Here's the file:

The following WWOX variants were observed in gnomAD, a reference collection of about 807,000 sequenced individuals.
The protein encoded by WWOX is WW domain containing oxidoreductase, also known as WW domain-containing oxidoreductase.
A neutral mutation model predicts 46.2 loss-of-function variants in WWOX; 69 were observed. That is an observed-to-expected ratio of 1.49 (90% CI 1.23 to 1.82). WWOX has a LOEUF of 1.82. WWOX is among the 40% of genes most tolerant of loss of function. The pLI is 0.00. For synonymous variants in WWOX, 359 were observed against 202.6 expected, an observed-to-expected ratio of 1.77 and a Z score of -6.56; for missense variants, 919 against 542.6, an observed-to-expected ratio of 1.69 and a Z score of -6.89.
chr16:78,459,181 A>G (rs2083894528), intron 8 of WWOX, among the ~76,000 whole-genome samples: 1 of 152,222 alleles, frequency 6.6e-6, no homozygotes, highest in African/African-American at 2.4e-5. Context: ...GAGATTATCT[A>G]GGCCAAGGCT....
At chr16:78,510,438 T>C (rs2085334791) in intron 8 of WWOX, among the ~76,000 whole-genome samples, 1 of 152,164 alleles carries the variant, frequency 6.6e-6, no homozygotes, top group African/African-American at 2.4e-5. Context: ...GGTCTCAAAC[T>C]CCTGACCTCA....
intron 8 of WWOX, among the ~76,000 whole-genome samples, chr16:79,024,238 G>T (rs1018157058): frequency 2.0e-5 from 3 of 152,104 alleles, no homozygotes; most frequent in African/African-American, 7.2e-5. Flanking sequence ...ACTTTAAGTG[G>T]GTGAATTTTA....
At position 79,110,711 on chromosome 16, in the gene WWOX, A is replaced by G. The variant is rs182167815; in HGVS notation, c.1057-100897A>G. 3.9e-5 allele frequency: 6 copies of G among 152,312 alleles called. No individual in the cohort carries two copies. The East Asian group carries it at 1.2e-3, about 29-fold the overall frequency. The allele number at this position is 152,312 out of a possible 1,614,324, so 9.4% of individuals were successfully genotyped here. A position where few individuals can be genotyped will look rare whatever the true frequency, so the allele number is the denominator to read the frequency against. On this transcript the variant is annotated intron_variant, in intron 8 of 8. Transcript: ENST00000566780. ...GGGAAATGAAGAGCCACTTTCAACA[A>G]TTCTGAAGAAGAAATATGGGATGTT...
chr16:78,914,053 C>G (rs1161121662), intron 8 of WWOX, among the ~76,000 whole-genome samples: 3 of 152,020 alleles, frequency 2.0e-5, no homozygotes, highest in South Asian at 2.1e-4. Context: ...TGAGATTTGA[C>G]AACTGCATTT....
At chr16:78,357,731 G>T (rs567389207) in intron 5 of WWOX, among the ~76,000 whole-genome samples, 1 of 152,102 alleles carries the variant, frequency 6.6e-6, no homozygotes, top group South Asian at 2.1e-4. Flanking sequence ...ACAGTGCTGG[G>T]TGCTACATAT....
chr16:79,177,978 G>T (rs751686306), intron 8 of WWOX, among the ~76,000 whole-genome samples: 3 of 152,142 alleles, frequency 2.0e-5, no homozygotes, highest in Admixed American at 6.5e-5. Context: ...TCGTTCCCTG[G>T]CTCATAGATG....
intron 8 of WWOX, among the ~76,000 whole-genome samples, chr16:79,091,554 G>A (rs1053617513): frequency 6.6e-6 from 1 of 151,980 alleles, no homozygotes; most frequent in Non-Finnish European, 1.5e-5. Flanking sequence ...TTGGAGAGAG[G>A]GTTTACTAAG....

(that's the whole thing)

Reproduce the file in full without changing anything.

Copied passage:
The following WWOX variants were observed in gnomAD, a reference collection of about 807,000 sequenced individuals.
The protein encoded by WWOX is WW domain containing oxidoreductase, also known as WW domain-containing oxidoreductase.
A neutral mutation model predicts 46.2 loss-of-function variants in WWOX; 69 were observed. That is an observed-to-expected ratio of 1.49 (90% CI 1.23 to 1.82). WWOX has a LOEUF of 1.82. WWOX is among the 40% of genes most tolerant of loss of function. The pLI is 0.00. For synonymous variants in WWOX, 359 were observed against 202.6 expected, an observed-to-expected ratio of 1.77 and a Z score of -6.56; for missense variants, 919 against 542.6, an observed-to-expected ratio of 1.69 and a Z score of -6.89.
chr16:78,459,181 A>G (rs2083894528), intron 8 of WWOX, among the ~76,000 whole-genome samples: 1 of 152,222 alleles, frequency 6.6e-6, no homozygotes, highest in African/African-American at 2.4e-5. Context: ...GAGATTATCT[A>G]GGCCAAGGCT....
At chr16:78,510,438 T>C (rs2085334791) in intron 8 of WWOX, among the ~76,000 whole-genome samples, 1 of 152,164 alleles carries the variant, frequency 6.6e-6, no homozygotes, top group African/African-American at 2.4e-5. Context: ...GGTCTCAAAC[T>C]CCTGACCTCA....
intron 8 of WWOX, among the ~76,000 whole-genome samples, chr16:79,024,238 G>T (rs1018157058): frequency 2.0e-5 from 3 of 152,104 alleles, no homozygotes; most frequent in African/African-American, 7.2e-5. Flanking sequence ...ACTTTAAGTG[G>T]GTGAATTTTA....
At position 79,110,711 on chromosome 16, in the gene WWOX, A is replaced by G. The variant is rs182167815; in HGVS notation, c.1057-100897A>G. 3.9e-5 allele frequency: 6 copies of G among 152,312 alleles called. No individual in the cohort carries two copies. The East Asian group carries it at 1.2e-3, about 29-fold the overall frequency. The allele number at this position is 152,312 out of a possible 1,614,324, so 9.4% of individuals were successfully genotyped here. A position where few individuals can be genotyped will look rare whatever the true frequency, so the allele number is the denominator to read the frequency against. On this transcript the variant is annotated intron_variant, in intron 8 of 8. Transcript: ENST00000566780. ...GGGAAATGAAGAGCCACTTTCAACA[A>G]TTCTGAAGAAGAAATATGGGATGTT...
chr16:78,914,053 C>G (rs1161121662), intron 8 of WWOX, among the ~76,000 whole-genome samples: 3 of 152,020 alleles, frequency 2.0e-5, no homozygotes, highest in South Asian at 2.1e-4. Context: ...TGAGATTTGA[C>G]AACTGCATTT....
At chr16:78,357,731 G>T (rs567389207) in intron 5 of WWOX, among the ~76,000 whole-genome samples, 1 of 152,102 alleles carries the variant, frequency 6.6e-6, no homozygotes, top group South Asian at 2.1e-4. Flanking sequence ...ACAGTGCTGG[G>T]TGCTACATAT....
chr16:79,177,978 G>T (rs751686306), intron 8 of WWOX, among the ~76,000 whole-genome samples: 3 of 152,142 alleles, frequency 2.0e-5, no homozygotes, highest in Admixed American at 6.5e-5. Context: ...TCGTTCCCTG[G>T]CTCATAGATG....
intron 8 of WWOX, among the ~76,000 whole-genome samples, chr16:79,091,554 G>A (rs1053617513): frequency 6.6e-6 from 1 of 151,980 alleles, no homozygotes; most frequent in Non-Finnish European, 1.5e-5. Flanking sequence ...TTGGAGAGAG[G>A]GTTTACTAAG....